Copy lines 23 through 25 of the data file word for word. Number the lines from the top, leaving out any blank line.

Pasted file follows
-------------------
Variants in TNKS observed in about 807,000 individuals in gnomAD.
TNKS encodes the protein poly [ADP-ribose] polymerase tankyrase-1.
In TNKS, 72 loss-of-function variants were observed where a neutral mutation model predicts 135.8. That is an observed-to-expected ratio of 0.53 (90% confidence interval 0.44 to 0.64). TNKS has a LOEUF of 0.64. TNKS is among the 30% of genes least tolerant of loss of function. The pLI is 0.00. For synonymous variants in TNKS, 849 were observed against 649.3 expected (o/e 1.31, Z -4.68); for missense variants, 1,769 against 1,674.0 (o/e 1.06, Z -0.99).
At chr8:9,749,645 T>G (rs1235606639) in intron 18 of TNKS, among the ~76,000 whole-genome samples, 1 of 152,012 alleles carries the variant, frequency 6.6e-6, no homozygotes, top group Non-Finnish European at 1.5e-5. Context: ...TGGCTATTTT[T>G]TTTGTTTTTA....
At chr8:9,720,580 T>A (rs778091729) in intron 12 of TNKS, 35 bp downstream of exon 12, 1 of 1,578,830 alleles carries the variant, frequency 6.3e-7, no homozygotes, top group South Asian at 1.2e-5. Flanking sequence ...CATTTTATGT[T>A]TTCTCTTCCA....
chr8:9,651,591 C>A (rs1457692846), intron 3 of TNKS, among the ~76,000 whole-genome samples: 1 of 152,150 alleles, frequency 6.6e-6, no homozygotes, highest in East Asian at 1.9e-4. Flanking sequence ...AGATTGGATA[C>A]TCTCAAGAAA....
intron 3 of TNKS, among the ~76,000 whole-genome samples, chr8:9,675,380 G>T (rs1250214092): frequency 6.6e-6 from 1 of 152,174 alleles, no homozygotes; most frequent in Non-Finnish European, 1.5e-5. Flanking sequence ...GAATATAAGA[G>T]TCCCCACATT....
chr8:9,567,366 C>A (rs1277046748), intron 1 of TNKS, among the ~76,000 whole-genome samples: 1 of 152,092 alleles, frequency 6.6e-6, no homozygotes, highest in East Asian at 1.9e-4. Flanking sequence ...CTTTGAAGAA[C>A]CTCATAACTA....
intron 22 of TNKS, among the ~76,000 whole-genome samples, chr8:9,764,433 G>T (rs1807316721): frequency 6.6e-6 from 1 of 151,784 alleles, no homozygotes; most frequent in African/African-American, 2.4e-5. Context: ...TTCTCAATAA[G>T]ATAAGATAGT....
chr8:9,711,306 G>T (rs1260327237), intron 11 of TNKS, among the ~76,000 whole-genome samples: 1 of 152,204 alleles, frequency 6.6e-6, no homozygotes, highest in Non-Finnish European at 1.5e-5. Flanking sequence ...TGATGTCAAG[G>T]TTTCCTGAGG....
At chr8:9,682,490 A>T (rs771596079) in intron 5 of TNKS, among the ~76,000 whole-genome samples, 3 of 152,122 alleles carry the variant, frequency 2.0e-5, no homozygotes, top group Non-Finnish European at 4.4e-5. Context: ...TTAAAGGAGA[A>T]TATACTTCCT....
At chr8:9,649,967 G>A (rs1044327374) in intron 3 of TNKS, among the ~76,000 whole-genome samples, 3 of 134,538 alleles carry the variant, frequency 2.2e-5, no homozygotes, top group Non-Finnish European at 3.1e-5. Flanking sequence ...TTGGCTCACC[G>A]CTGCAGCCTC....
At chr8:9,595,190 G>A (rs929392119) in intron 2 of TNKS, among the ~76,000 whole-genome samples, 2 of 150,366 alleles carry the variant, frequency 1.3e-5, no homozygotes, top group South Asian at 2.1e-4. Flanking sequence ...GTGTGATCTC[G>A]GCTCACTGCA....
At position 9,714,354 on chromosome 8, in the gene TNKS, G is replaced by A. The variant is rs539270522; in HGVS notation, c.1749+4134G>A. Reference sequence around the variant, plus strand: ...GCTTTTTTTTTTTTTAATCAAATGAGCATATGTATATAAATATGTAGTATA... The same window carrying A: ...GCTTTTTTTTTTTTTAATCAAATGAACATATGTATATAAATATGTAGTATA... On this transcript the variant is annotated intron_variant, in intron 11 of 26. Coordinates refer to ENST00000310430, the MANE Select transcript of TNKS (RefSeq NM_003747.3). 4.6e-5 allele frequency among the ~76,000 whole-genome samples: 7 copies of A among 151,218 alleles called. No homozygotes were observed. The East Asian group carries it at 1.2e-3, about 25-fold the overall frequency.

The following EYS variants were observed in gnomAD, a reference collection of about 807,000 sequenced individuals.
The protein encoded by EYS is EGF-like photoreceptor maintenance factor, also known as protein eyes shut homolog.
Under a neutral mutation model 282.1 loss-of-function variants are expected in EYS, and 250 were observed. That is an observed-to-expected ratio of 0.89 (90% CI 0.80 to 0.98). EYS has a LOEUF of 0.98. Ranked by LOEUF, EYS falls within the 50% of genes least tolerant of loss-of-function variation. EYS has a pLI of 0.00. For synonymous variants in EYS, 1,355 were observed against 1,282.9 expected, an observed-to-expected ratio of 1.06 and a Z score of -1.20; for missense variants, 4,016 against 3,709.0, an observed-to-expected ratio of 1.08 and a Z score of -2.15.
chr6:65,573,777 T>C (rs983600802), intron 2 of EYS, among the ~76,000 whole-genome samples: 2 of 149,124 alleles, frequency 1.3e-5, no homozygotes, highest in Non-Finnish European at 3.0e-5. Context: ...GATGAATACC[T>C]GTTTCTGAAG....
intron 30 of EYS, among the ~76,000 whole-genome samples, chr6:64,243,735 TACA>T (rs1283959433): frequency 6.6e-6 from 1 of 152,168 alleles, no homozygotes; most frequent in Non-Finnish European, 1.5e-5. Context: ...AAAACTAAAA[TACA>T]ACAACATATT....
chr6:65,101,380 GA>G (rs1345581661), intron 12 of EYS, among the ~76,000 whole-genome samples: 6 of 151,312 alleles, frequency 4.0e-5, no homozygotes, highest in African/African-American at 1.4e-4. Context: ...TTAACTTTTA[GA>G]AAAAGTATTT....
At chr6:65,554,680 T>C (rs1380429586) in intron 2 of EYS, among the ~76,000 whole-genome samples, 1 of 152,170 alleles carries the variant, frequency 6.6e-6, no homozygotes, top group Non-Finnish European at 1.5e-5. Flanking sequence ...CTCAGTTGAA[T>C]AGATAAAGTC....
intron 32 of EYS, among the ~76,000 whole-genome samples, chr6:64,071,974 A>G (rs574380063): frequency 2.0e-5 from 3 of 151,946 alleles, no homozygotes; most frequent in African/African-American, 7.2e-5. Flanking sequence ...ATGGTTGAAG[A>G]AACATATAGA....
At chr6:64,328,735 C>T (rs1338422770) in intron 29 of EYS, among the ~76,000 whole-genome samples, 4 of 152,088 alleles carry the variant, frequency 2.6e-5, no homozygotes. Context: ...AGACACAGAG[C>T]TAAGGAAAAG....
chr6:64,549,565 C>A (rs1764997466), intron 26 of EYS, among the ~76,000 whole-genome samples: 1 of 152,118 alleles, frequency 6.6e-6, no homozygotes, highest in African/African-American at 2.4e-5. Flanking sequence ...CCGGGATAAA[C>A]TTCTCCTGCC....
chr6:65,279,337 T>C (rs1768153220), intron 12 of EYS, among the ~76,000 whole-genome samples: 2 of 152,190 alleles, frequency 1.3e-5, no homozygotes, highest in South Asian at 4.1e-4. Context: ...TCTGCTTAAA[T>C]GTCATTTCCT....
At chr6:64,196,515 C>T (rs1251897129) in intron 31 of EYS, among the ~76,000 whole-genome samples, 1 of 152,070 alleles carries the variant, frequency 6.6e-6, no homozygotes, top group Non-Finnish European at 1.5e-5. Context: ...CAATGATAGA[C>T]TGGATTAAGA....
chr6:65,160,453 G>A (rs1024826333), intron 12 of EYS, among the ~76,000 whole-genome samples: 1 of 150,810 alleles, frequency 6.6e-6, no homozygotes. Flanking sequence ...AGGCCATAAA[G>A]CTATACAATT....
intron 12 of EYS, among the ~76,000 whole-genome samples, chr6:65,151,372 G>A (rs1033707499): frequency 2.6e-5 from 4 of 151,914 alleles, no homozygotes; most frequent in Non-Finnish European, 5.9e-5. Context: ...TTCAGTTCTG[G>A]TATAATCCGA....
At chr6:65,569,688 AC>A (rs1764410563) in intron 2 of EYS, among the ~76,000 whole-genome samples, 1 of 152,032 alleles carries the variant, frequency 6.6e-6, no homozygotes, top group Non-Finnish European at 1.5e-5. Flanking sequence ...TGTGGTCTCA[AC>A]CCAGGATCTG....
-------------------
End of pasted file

At chr6:64,328,735 C>T (rs1338422770) in intron 29 of EYS, among the ~76,000 whole-genome samples, 4 of 152,088 alleles carry the variant, frequency 2.6e-5, no homozygotes. Context: ...AGACACAGAG[C>T]TAAGGAAAAG....
chr6:64,549,565 C>A (rs1764997466), intron 26 of EYS, among the ~76,000 whole-genome samples: 1 of 152,118 alleles, frequency 6.6e-6, no homozygotes, highest in African/African-American at 2.4e-5. Flanking sequence ...CCGGGATAAA[C>A]TTCTCCTGCC....
chr6:65,279,337 T>C (rs1768153220), intron 12 of EYS, among the ~76,000 whole-genome samples: 2 of 152,190 alleles, frequency 1.3e-5, no homozygotes, highest in South Asian at 4.1e-4. Context: ...TCTGCTTAAA[T>C]GTCATTTCCT....